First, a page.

Sunday shows fixed their spotlight on newly re-elected Israeli Prime Minister Benjamin Netanyahu, whose campaign-season remarks shutting down a two-state solution for the Israeli-Palestinian conflict inflamed tensions with the White House.
Now Netanyahu and his delegates are saying the comments were misunderstood.
The international uproar started when Netanyahu said a Palestinian state would not happen during his tenure if he won re-election to a fourth term, which widely sounded like a departure from his previously stated support for a two-state solution. After Netanyahu’s Likud Party won enough seats to maintain coalition control of the government, Netanyahu tried to temper his position in interviews with American journalists, but President Barack Obama said he is taking Netanyahu "at his word" when Netanyahu said a two-state solution "wouldn’t happen during his prime ministership."
Israel’s ambassador to the United States, Ron Dermer, appeared on NBC’s Meet the Press on Sunday to defend the Israeli leader. Host Chuck Todd asked, "So the president is wrong that he takes the prime minister at his word at what he said before the election?"
"He didn't say what the president and others seem to suggest that he's saying," Dermer said. "And he was very clear about it in his interview with Andrea Mitchell. He didn't change his position. He didn't run around giving interviews saying he's now against the Palestinian state."
Dermer’s claim seems contrary to widespread analysis of Netanyahu’s record, so we wanted to find out if Netanyahu’s position had changed.
What has Netanyahu said
Netanyahu is on track to be the longest-serving prime minister in Israel’s statehood, elected to a fourth term in office with last week’s close election. Netanyahu had already miffed the Obama administration by accepting an invitation from congressional Republicans to denounce a possible Iranian nuclear deal in a Washington address.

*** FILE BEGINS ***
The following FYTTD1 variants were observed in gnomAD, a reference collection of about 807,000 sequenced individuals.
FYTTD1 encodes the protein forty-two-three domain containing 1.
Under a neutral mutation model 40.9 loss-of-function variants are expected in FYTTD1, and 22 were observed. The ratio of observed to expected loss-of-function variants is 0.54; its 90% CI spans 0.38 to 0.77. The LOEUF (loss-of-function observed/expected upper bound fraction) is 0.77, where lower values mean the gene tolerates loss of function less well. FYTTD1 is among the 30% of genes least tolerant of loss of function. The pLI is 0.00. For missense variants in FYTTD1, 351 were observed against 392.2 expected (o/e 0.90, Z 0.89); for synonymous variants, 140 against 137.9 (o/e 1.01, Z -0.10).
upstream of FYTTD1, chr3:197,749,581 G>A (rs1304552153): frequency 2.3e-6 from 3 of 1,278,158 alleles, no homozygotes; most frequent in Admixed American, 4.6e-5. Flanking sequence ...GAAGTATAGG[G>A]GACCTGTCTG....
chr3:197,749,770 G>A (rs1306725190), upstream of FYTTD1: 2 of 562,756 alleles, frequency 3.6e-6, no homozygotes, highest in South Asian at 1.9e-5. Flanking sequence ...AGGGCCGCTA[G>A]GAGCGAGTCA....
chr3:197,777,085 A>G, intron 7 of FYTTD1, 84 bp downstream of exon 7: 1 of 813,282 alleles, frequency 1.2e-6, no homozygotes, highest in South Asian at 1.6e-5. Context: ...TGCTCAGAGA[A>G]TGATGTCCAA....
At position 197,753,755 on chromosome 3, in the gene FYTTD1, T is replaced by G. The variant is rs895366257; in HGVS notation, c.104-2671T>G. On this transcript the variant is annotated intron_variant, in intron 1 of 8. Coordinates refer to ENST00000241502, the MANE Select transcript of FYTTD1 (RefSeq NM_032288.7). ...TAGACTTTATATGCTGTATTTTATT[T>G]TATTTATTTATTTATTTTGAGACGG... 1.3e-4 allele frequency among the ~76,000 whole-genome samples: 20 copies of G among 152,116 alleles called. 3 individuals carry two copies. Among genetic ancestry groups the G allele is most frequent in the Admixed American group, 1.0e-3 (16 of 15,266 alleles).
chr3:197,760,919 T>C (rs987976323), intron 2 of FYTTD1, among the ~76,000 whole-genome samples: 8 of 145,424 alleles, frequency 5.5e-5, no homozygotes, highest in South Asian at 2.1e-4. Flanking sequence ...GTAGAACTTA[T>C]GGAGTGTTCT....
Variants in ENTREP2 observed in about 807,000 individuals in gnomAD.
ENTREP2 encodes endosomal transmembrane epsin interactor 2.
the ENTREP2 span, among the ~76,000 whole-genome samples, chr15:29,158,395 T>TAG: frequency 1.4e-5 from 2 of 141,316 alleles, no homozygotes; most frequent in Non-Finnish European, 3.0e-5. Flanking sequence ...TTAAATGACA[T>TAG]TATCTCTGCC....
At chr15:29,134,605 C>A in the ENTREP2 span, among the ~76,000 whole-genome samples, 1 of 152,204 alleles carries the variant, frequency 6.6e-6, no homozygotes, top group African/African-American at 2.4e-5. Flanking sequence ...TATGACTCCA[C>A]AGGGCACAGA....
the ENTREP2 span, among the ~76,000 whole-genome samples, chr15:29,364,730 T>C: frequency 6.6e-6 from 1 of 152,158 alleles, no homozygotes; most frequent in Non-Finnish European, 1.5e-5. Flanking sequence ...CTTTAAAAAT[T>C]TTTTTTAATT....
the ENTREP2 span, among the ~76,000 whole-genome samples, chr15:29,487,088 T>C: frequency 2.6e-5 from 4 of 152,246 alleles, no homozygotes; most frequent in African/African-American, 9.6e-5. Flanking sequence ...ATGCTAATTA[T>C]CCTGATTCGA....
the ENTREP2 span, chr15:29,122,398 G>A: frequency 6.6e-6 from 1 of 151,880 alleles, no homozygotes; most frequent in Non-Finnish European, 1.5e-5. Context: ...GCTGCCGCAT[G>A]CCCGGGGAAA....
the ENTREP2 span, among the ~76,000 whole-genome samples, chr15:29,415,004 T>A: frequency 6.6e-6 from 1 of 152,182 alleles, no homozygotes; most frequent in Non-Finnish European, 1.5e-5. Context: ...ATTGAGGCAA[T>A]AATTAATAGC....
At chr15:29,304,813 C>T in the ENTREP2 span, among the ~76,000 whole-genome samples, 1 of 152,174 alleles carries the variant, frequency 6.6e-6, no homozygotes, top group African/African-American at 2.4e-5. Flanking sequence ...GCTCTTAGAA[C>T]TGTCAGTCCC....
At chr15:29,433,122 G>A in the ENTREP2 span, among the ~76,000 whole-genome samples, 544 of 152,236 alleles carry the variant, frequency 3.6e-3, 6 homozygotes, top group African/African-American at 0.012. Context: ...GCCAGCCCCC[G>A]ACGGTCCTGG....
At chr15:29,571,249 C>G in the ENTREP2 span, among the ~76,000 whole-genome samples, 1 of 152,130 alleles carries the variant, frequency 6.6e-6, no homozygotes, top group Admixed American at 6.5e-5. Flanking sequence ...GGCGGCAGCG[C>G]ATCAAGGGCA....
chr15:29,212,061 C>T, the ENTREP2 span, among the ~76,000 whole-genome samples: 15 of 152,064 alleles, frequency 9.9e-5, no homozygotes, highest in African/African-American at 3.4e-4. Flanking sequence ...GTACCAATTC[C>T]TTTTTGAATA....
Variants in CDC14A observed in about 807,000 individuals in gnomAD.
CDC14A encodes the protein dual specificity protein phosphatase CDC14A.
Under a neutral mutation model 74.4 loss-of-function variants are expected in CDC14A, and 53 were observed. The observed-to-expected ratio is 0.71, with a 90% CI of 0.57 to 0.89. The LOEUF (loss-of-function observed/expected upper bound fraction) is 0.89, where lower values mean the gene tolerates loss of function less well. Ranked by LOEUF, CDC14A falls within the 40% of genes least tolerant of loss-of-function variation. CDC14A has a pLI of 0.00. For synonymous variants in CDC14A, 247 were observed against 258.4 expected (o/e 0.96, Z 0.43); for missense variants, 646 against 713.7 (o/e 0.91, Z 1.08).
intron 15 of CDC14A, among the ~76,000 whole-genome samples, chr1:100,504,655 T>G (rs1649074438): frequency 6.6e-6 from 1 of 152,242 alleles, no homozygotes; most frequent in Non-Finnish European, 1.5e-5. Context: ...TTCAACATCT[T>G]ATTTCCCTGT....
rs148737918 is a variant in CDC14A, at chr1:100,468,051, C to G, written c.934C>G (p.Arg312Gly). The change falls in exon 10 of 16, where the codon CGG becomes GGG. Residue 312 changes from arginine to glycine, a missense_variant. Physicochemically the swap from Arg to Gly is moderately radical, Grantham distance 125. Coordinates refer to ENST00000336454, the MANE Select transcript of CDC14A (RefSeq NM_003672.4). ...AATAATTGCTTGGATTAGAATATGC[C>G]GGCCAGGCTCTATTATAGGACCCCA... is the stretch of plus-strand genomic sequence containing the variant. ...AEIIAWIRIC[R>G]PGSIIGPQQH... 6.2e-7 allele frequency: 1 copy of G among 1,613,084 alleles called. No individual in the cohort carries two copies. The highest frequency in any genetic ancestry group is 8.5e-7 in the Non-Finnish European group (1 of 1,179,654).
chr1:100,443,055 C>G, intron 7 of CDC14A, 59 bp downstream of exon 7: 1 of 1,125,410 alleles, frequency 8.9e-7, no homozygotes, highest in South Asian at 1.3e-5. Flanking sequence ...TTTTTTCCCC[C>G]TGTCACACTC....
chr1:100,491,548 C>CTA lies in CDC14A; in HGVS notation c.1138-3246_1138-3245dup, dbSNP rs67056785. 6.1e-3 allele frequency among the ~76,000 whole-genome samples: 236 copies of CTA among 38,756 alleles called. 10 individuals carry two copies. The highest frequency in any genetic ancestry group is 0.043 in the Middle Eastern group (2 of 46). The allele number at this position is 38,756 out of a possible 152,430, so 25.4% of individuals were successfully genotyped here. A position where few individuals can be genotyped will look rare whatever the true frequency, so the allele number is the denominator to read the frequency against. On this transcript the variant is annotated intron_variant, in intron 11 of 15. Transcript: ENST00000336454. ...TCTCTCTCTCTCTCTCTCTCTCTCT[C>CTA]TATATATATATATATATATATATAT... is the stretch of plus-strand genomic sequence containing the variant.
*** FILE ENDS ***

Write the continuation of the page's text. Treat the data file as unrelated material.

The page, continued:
The water between them turned even hotter after a video interview published the day before Israel's March 17 general election on NRG, a right-leaning Israeli news website. Netanyahu said in Hebrew, according to a New York Times translation:
"I think that anyone who is going to establish a Palestinian state today and evacuate lands is giving attack grounds to the radical Islam against the state of Israel. This is the genuine reality that has been created here in the past few years. Those who do not understand that bury their heads in the sand. The left-wing parties do it, bury their heads in the sand, time and again."
The reporter asked, "But if you are the prime minister, a Palestinian state will not arise?"
"Indeed," Netanyahu said. He went on:
"An international initiative will be presented to us, to return to 1967 borders, to divide Jerusalem. Those are real things. It is going to happen. We need to form a strong, firm national government, headed by Likud (his party), to push those pressures away."
Reports from the New York Times, Washington Post and others cast these comments as a departure from his 2009 speech at Bar-Ilan University, when Netanyahu endorsed a two-state solution -- with caveats -- to the conflict. Secretary of State John Kerry had been working on peace talks, of which the agreement of two states is the desired result, but those fell through last year.
For supporters of a Palestinian state, Netanyahu’s present-day comments saying the two-state solution would not happen affirmed fears that he was never serious about pursuing that.
But was it a true reversal?
Victory in hand, Netanyahu sought to clarify his comments about his support for a two-state solution in interviews with American media.
On MSNBC, he told Andrea Mitchell, "I haven’t changed my policy. I never retracted my speech at Bar-Ilan University six years ago calling for a demilitarized Palestinian state that recognizes the Jewish state. What has changed is the reality.
"Mahmoud Abbas, the Palestinian leader, refuses to recognize the Jewish state, has made a pact with Hamas that calls for the destruction of the Jewish state, and every territory that is vacated today in the Middle East is taken up by Islamist forces, so we want that to change so we can realize a vision of real, sustained peace," he said.